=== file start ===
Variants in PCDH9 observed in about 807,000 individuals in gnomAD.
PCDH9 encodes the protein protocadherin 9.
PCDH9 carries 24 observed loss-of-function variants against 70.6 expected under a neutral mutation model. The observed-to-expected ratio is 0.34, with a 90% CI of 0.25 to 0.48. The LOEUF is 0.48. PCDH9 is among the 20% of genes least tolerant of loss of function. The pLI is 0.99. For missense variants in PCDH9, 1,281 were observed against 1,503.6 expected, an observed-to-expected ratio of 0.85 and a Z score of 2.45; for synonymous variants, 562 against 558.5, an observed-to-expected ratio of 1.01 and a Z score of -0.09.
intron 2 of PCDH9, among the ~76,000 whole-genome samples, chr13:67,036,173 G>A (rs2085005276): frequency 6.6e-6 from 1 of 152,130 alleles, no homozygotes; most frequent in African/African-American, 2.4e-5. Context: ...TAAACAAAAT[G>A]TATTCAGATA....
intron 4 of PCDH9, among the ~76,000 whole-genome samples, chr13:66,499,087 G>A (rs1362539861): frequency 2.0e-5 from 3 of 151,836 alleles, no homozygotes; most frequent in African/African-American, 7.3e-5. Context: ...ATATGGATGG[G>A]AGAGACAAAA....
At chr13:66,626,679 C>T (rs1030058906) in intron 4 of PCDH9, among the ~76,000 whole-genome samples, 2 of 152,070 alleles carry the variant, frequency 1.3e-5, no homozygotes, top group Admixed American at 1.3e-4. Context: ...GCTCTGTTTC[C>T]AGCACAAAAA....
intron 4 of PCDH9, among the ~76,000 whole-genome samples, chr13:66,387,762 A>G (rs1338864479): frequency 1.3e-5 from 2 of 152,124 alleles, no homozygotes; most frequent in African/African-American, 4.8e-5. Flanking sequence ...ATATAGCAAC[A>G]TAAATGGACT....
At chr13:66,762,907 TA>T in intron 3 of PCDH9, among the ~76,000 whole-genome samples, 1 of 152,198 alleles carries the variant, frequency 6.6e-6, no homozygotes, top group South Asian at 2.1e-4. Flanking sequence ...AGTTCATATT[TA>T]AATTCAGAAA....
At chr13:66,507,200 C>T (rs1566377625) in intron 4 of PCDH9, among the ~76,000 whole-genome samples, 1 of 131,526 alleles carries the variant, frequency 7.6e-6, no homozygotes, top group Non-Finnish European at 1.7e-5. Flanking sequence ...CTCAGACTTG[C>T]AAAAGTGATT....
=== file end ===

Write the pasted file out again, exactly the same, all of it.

Variants in PCDH9 observed in about 807,000 individuals in gnomAD.
PCDH9 encodes the protein protocadherin 9.
PCDH9 carries 24 observed loss-of-function variants against 70.6 expected under a neutral mutation model. The observed-to-expected ratio is 0.34, with a 90% CI of 0.25 to 0.48. The LOEUF is 0.48. PCDH9 is among the 20% of genes least tolerant of loss of function. The pLI is 0.99. For missense variants in PCDH9, 1,281 were observed against 1,503.6 expected, an observed-to-expected ratio of 0.85 and a Z score of 2.45; for synonymous variants, 562 against 558.5, an observed-to-expected ratio of 1.01 and a Z score of -0.09.
intron 2 of PCDH9, among the ~76,000 whole-genome samples, chr13:67,036,173 G>A (rs2085005276): frequency 6.6e-6 from 1 of 152,130 alleles, no homozygotes; most frequent in African/African-American, 2.4e-5. Context: ...TAAACAAAAT[G>A]TATTCAGATA....
intron 4 of PCDH9, among the ~76,000 whole-genome samples, chr13:66,499,087 G>A (rs1362539861): frequency 2.0e-5 from 3 of 151,836 alleles, no homozygotes; most frequent in African/African-American, 7.3e-5. Context: ...ATATGGATGG[G>A]AGAGACAAAA....
At chr13:66,626,679 C>T (rs1030058906) in intron 4 of PCDH9, among the ~76,000 whole-genome samples, 2 of 152,070 alleles carry the variant, frequency 1.3e-5, no homozygotes, top group Admixed American at 1.3e-4. Context: ...GCTCTGTTTC[C>T]AGCACAAAAA....
intron 4 of PCDH9, among the ~76,000 whole-genome samples, chr13:66,387,762 A>G (rs1338864479): frequency 1.3e-5 from 2 of 152,124 alleles, no homozygotes; most frequent in African/African-American, 4.8e-5. Flanking sequence ...ATATAGCAAC[A>G]TAAATGGACT....
At chr13:66,762,907 TA>T in intron 3 of PCDH9, among the ~76,000 whole-genome samples, 1 of 152,198 alleles carries the variant, frequency 6.6e-6, no homozygotes, top group South Asian at 2.1e-4. Flanking sequence ...AGTTCATATT[TA>T]AATTCAGAAA....
At chr13:66,507,200 C>T (rs1566377625) in intron 4 of PCDH9, among the ~76,000 whole-genome samples, 1 of 131,526 alleles carries the variant, frequency 7.6e-6, no homozygotes, top group Non-Finnish European at 1.7e-5. Flanking sequence ...CTCAGACTTG[C>T]AAAAGTGATT....